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The articulate doll
One of the first practical uses of the phonograph was as a child's toy.
A doll that articulates human speech had been a dream throughout the ages. By the 19th century, doll technology had progressed so far as to mimic a baby's cry from a reed vibrated by a bellows. In 1877, Edison prophesied, "I propose to apply the phonograph principle to make dolls speak, sing, cry...also to all kinds of toys such as dogs, animals, flowers, reptiles."
Here's an overview of some of the babies offered for adoption by the phonograph companies:
White's patents were assigned to Edison, and the project was taken up by Edison's closest associate, Charles Batchelor. Batchelor's two
young daughters tested prototypes of the new toy, and in October 1888, Batchelor filed a patent, followed by Edison's patent in July 1889.
A prototype of the doll, with records in French, was exhibited at the 1889 Paris Universal Exposition.
About this time Edison and a group of investors incorporated the Edison Phonograph Toy Manufacturing Company of Maine. A beautifully engraved picture of Santa Claus adorned the stock certificates.
As finally manufactured, the doll bore wooden arms and legs, a metal torso, and a bisque head imported from the German doll firm of Simon and Halbig.
Although Edison's patent caveat sated that a saphire stylus could be employed, the production doll employed a metal stylus, a decision that would later haunt the inventor. A fixed brown wax cylinder, three inches long, was advanced at a pitch of 56 threads per inch. There was a feed screw, but no spring motor nor mechanical governor. The child was expected to have the expertise to maintain the proper rpm by himself.
Although the records were not interchangeable, twelve titles were offered, recorded by young women at the Edison factory. The name of one of the young voices is known: Julia Miller, daughter of Walter Miller, an Edison employee.
Introduced at an Edison exhibit at the Lenox Lyceum in New York City on April 7, 1890, at a cost of $25, the dolls were later offered through the mail and by retailers such as F.A.O. Schwartz.
An 1891 Harper's Young People articule gushed: "In 1890 about 500 young people were engaged in the manufacture of phonographs and talking dolls at the Edison establishment. Half were employed in the manufacture of each article. It took eighteen women just to recite the nursery rhymes."
Despite such publicity, the dolls were a disaster.
Out of 10,000 dolls assembled, 2500 were eventually approved for shipment. Within a month, disgruntled customers started returning most of the dolls to the factory. The steel stylus tore up the wax cylinder, and the mechanism could not withstand a child's abuse.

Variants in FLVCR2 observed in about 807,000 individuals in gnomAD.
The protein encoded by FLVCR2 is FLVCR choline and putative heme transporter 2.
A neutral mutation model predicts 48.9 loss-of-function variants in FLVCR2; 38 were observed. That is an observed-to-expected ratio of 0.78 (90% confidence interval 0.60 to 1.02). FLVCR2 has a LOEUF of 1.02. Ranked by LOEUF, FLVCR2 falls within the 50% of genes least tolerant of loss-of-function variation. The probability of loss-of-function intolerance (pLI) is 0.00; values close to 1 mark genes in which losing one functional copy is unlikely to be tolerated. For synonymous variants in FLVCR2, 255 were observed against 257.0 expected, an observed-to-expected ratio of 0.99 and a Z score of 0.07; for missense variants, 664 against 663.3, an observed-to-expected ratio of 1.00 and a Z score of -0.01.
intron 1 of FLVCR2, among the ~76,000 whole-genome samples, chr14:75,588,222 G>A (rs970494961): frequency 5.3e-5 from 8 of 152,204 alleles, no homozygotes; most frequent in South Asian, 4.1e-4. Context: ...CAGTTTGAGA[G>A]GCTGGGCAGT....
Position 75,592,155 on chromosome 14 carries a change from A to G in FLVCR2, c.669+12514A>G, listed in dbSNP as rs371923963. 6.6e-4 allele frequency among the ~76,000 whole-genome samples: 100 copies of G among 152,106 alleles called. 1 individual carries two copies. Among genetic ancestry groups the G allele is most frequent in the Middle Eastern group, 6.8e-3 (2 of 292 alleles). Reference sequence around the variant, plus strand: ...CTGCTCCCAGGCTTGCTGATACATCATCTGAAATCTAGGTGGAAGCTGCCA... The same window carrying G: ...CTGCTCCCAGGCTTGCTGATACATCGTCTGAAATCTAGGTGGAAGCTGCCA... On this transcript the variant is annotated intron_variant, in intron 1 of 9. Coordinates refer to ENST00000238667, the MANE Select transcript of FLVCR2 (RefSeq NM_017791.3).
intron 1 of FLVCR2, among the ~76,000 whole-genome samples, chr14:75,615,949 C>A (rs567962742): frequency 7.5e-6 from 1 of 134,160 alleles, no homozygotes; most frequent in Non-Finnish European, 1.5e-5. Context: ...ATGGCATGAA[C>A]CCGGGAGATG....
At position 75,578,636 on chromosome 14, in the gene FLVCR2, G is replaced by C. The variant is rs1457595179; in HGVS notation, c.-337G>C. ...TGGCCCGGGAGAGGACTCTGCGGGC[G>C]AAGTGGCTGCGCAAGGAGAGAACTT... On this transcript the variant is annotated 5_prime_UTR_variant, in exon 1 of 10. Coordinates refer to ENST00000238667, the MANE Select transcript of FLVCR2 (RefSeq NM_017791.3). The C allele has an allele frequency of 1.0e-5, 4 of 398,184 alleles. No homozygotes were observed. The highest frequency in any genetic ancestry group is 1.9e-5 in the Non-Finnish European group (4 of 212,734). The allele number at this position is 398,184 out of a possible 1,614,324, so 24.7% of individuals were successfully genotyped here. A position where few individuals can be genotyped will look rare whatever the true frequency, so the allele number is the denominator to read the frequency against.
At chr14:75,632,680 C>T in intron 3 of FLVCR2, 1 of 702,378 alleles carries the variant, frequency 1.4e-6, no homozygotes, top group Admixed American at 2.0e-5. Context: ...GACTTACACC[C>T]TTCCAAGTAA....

At the same time Edison had a falling out with his business partners. For patent reasons he found that he could not sell the dolls with the mechanism intact so in order to salvage some money from the disaster he sold the dolls with the mechanism removed. Dolls were remaindered at a price of $10.
All told, less than 500 dolls were ever sold with the phonograph complete.
A large part of the unsold inventory was shovelled under the earth at West Orange, where the doll burial ground remains to this day.
The only known surviving example of this doll, about two feet tall, sits in a museum in Waltershausen, Germany.
Lioret had been awarded a bronze medal at the Parist Exhibition of 1878, and must have been familiar with the Edison exhibit there, which had caused a stir in technical circles all over Europe. As an improvement over Edison's wax record, Lioret chose to work with durable celluloid.
The Bebe Phonograph was introduced to the market in 1896 at a cost of 58 francs by Jumeau, a firm of extraordinary prestige. She stood about 25" tall, with open mouth and composition body. At least 12 titles were offered.
Lioret's interchangeable cylinders, running at 100 rpm, were fashioned of white celluloid. There was a clockwork motor, metal stylus, and no feed screw. As a prophylactic measure, Lioret advised the child operator to lubricate the cylinder frequently with olive oil.
It isn't often that a baby gives birth, but the Bebe Phonograph begat the French phonograph industry. Lioret's mechanism, dubbed "Le Merveilleux," was later employed in his vertical box phonograph and his talking clock.
The motor was patented by Richard Arthur in 1917, to replace an earlier doll that whispered "mama."
With a composition head on a cloth body, Dolly Rekord played interchangeable blue or black records on a saphire stylus.
The cylinders have the look of those manufactured by the Albany Indestructible Company, one of the few sources of cylinder records as late as 1921. This might solve the mystery of why the good selling Dolly Reckord was discontinued in 1923: one year earlier, fire had gutted the Albany Indestructible plant.
Sources: Koenigsberg, Allen. Patent History of the